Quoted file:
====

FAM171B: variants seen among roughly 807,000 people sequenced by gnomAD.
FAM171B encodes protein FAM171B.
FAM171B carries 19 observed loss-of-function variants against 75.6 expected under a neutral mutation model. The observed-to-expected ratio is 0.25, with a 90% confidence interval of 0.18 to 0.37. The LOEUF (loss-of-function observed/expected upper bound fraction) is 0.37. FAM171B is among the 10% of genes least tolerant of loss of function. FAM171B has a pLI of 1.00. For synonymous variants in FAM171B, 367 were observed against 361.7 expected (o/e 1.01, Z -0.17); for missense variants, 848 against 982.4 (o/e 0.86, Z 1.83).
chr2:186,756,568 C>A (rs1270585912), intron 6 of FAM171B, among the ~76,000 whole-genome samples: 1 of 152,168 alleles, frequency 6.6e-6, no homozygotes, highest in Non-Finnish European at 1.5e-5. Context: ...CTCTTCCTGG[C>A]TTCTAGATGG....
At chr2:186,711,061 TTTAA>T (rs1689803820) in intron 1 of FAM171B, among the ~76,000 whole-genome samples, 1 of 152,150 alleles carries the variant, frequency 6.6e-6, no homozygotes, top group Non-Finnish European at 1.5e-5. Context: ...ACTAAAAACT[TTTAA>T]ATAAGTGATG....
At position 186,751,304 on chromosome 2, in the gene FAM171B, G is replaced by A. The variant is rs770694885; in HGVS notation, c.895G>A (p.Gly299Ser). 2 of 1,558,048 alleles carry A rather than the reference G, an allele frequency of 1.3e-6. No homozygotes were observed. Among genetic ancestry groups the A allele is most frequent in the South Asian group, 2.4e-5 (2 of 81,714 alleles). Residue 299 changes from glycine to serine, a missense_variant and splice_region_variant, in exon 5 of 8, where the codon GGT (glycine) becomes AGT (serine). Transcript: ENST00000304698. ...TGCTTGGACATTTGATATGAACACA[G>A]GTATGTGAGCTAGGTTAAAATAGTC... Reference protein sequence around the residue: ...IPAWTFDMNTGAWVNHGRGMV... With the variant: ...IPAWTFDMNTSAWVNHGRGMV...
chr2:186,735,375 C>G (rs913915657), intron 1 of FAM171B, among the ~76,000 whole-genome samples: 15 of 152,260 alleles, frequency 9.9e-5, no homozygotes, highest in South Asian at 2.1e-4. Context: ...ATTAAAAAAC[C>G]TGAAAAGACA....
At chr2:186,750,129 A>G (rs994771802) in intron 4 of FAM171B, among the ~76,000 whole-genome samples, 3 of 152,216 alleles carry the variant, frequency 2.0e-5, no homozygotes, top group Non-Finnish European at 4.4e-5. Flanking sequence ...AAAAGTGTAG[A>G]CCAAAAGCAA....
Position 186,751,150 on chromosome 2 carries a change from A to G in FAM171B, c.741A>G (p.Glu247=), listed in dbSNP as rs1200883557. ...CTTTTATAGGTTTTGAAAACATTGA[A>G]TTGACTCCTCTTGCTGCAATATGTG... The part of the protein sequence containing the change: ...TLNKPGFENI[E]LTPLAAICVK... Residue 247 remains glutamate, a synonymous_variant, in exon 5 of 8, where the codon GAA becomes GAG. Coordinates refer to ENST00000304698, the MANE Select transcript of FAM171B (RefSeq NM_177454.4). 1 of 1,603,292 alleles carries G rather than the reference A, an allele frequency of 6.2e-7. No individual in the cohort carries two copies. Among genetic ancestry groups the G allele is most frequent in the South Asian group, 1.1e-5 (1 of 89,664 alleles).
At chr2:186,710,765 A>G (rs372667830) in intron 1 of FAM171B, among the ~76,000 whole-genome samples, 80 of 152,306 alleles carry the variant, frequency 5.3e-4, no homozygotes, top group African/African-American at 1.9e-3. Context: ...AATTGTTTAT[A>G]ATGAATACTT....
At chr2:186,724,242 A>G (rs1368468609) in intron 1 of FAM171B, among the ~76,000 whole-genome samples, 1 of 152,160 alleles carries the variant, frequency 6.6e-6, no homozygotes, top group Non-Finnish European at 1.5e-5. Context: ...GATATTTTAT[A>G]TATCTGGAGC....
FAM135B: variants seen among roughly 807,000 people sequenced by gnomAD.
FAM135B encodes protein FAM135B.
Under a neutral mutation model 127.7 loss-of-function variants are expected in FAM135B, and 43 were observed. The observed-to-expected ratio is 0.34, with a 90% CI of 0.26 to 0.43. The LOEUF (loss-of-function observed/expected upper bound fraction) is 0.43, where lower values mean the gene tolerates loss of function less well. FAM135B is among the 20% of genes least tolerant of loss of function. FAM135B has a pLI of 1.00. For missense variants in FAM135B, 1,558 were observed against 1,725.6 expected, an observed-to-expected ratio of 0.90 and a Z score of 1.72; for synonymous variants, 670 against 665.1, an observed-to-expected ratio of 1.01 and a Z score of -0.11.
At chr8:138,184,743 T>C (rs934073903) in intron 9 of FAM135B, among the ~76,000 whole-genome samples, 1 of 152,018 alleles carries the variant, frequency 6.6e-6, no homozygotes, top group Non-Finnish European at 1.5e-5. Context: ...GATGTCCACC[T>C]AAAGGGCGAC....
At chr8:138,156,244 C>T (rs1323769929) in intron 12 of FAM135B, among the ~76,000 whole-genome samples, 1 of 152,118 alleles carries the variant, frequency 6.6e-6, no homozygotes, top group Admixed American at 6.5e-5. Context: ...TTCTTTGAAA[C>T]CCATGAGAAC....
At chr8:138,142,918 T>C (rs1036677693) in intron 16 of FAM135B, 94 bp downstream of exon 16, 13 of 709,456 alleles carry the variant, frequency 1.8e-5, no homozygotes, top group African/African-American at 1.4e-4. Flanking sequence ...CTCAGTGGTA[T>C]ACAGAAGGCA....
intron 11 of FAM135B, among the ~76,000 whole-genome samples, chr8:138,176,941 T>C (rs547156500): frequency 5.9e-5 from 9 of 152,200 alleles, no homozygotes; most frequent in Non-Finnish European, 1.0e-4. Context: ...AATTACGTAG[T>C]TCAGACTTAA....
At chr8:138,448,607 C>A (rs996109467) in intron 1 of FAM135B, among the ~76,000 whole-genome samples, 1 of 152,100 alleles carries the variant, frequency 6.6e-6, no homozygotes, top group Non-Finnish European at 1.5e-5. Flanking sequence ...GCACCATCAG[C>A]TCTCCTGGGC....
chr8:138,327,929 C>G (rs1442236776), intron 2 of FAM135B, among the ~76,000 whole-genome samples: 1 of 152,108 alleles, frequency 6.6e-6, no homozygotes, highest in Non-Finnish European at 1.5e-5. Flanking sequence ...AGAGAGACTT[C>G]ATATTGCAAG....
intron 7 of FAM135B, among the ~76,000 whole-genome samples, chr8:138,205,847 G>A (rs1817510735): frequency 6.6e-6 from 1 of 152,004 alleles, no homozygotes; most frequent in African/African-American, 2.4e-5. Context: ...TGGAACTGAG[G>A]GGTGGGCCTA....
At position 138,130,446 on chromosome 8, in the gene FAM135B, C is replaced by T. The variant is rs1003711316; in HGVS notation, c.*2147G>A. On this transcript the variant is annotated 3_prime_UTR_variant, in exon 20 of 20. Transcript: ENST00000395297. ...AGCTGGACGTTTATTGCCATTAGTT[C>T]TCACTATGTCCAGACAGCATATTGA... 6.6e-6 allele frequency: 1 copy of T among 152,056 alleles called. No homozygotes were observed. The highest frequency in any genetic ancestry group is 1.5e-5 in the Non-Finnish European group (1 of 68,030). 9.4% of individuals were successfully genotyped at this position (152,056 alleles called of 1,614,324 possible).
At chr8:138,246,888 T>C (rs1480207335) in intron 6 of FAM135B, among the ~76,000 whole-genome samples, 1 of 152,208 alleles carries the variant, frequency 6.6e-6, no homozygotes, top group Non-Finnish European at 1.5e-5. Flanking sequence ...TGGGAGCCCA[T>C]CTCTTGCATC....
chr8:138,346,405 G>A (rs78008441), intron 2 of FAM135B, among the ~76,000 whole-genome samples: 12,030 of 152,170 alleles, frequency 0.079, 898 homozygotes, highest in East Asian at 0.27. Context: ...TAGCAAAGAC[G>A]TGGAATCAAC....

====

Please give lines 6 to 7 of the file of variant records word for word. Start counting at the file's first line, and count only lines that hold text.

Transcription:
At position 186,751,304 on chromosome 2, in the gene FAM171B, G is replaced by A. The variant is rs770694885; in HGVS notation, c.895G>A (p.Gly299Ser). 2 of 1,558,048 alleles carry A rather than the reference G, an allele frequency of 1.3e-6. No homozygotes were observed. Among genetic ancestry groups the A allele is most frequent in the South Asian group, 2.4e-5 (2 of 81,714 alleles). Residue 299 changes from glycine to serine, a missense_variant and splice_region_variant, in exon 5 of 8, where the codon GGT (glycine) becomes AGT (serine). Transcript: ENST00000304698. ...TGCTTGGACATTTGATATGAACACA[G>A]GTATGTGAGCTAGGTTAAAATAGTC... Reference protein sequence around the residue: ...IPAWTFDMNTGAWVNHGRGMV... With the variant: ...IPAWTFDMNTSAWVNHGRGMV...
chr2:186,735,375 C>G (rs913915657), intron 1 of FAM171B, among the ~76,000 whole-genome samples: 15 of 152,260 alleles, frequency 9.9e-5, no homozygotes, highest in South Asian at 2.1e-4. Context: ...ATTAAAAAAC[C>G]TGAAAAGACA....